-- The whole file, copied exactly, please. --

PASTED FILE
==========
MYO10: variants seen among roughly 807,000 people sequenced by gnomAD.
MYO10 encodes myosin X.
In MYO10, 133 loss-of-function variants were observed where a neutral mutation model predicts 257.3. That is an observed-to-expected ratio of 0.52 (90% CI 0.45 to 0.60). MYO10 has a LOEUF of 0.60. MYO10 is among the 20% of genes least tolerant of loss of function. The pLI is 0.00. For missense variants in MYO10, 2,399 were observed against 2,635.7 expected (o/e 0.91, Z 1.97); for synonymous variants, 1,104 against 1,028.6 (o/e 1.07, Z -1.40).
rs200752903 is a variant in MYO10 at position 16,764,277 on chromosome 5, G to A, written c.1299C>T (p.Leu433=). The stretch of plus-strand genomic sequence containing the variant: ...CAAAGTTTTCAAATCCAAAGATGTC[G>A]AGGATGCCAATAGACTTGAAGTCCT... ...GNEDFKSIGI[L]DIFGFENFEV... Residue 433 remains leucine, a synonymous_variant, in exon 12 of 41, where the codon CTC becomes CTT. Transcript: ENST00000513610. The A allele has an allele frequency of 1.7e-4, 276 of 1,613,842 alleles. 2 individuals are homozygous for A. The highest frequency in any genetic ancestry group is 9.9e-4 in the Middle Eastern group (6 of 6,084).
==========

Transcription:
MYO10: variants seen among roughly 807,000 people sequenced by gnomAD.
MYO10 encodes myosin X.
In MYO10, 133 loss-of-function variants were observed where a neutral mutation model predicts 257.3. That is an observed-to-expected ratio of 0.52 (90% CI 0.45 to 0.60). MYO10 has a LOEUF of 0.60. MYO10 is among the 20% of genes least tolerant of loss of function. The pLI is 0.00. For missense variants in MYO10, 2,399 were observed against 2,635.7 expected (o/e 0.91, Z 1.97); for synonymous variants, 1,104 against 1,028.6 (o/e 1.07, Z -1.40).
rs200752903 is a variant in MYO10 at position 16,764,277 on chromosome 5, G to A, written c.1299C>T (p.Leu433=). The stretch of plus-strand genomic sequence containing the variant: ...CAAAGTTTTCAAATCCAAAGATGTC[G>A]AGGATGCCAATAGACTTGAAGTCCT... ...GNEDFKSIGI[L]DIFGFENFEV... Residue 433 remains leucine, a synonymous_variant, in exon 12 of 41, where the codon CTC becomes CTT. Transcript: ENST00000513610. The A allele has an allele frequency of 1.7e-4, 276 of 1,613,842 alleles. 2 individuals are homozygous for A. The highest frequency in any genetic ancestry group is 9.9e-4 in the Middle Eastern group (6 of 6,084).